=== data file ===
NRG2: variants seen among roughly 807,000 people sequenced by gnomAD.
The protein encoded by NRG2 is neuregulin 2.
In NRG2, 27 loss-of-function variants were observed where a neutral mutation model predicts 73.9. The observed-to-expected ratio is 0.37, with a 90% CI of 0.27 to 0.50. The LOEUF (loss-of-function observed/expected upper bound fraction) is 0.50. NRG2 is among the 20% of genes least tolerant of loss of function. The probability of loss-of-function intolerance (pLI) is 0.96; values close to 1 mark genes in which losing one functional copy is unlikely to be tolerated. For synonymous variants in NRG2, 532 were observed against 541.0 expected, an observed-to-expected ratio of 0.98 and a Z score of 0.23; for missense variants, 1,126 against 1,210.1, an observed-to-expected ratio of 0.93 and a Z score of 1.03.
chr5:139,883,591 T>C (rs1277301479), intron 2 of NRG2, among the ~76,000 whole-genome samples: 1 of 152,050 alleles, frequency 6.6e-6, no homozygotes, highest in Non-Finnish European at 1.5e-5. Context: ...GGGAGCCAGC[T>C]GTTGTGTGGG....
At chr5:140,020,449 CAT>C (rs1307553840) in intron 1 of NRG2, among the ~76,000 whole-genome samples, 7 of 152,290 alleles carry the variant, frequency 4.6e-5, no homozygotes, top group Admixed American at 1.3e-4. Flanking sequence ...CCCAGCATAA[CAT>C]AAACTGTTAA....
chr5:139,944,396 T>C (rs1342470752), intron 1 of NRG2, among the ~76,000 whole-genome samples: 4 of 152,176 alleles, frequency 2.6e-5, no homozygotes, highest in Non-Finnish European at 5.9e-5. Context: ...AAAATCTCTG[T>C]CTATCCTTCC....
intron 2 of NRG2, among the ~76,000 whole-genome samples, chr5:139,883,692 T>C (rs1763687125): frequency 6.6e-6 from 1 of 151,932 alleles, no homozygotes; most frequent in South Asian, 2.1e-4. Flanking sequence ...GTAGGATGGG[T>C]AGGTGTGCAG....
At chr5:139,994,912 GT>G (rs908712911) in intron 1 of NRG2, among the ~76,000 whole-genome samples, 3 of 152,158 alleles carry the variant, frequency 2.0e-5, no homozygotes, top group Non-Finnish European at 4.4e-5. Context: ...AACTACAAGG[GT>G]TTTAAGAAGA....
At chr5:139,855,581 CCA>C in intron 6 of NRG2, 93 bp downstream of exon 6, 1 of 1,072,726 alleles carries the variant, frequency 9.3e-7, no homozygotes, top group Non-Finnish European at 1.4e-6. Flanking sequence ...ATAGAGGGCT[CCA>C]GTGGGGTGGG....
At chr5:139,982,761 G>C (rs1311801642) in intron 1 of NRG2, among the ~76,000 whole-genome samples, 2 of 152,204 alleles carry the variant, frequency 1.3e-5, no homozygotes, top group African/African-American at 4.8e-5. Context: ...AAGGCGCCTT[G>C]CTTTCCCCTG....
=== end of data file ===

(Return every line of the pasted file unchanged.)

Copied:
NRG2: variants seen among roughly 807,000 people sequenced by gnomAD.
The protein encoded by NRG2 is neuregulin 2.
In NRG2, 27 loss-of-function variants were observed where a neutral mutation model predicts 73.9. The observed-to-expected ratio is 0.37, with a 90% CI of 0.27 to 0.50. The LOEUF (loss-of-function observed/expected upper bound fraction) is 0.50. NRG2 is among the 20% of genes least tolerant of loss of function. The probability of loss-of-function intolerance (pLI) is 0.96; values close to 1 mark genes in which losing one functional copy is unlikely to be tolerated. For synonymous variants in NRG2, 532 were observed against 541.0 expected, an observed-to-expected ratio of 0.98 and a Z score of 0.23; for missense variants, 1,126 against 1,210.1, an observed-to-expected ratio of 0.93 and a Z score of 1.03.
chr5:139,883,591 T>C (rs1277301479), intron 2 of NRG2, among the ~76,000 whole-genome samples: 1 of 152,050 alleles, frequency 6.6e-6, no homozygotes, highest in Non-Finnish European at 1.5e-5. Context: ...GGGAGCCAGC[T>C]GTTGTGTGGG....
At chr5:140,020,449 CAT>C (rs1307553840) in intron 1 of NRG2, among the ~76,000 whole-genome samples, 7 of 152,290 alleles carry the variant, frequency 4.6e-5, no homozygotes, top group Admixed American at 1.3e-4. Flanking sequence ...CCCAGCATAA[CAT>C]AAACTGTTAA....
chr5:139,944,396 T>C (rs1342470752), intron 1 of NRG2, among the ~76,000 whole-genome samples: 4 of 152,176 alleles, frequency 2.6e-5, no homozygotes, highest in Non-Finnish European at 5.9e-5. Context: ...AAAATCTCTG[T>C]CTATCCTTCC....
intron 2 of NRG2, among the ~76,000 whole-genome samples, chr5:139,883,692 T>C (rs1763687125): frequency 6.6e-6 from 1 of 151,932 alleles, no homozygotes; most frequent in South Asian, 2.1e-4. Flanking sequence ...GTAGGATGGG[T>C]AGGTGTGCAG....
At chr5:139,994,912 GT>G (rs908712911) in intron 1 of NRG2, among the ~76,000 whole-genome samples, 3 of 152,158 alleles carry the variant, frequency 2.0e-5, no homozygotes, top group Non-Finnish European at 4.4e-5. Context: ...AACTACAAGG[GT>G]TTTAAGAAGA....
At chr5:139,855,581 CCA>C in intron 6 of NRG2, 93 bp downstream of exon 6, 1 of 1,072,726 alleles carries the variant, frequency 9.3e-7, no homozygotes, top group Non-Finnish European at 1.4e-6. Flanking sequence ...ATAGAGGGCT[CCA>C]GTGGGGTGGG....
At chr5:139,982,761 G>C (rs1311801642) in intron 1 of NRG2, among the ~76,000 whole-genome samples, 2 of 152,204 alleles carry the variant, frequency 1.3e-5, no homozygotes, top group African/African-American at 4.8e-5. Context: ...AAGGCGCCTT[G>C]CTTTCCCCTG....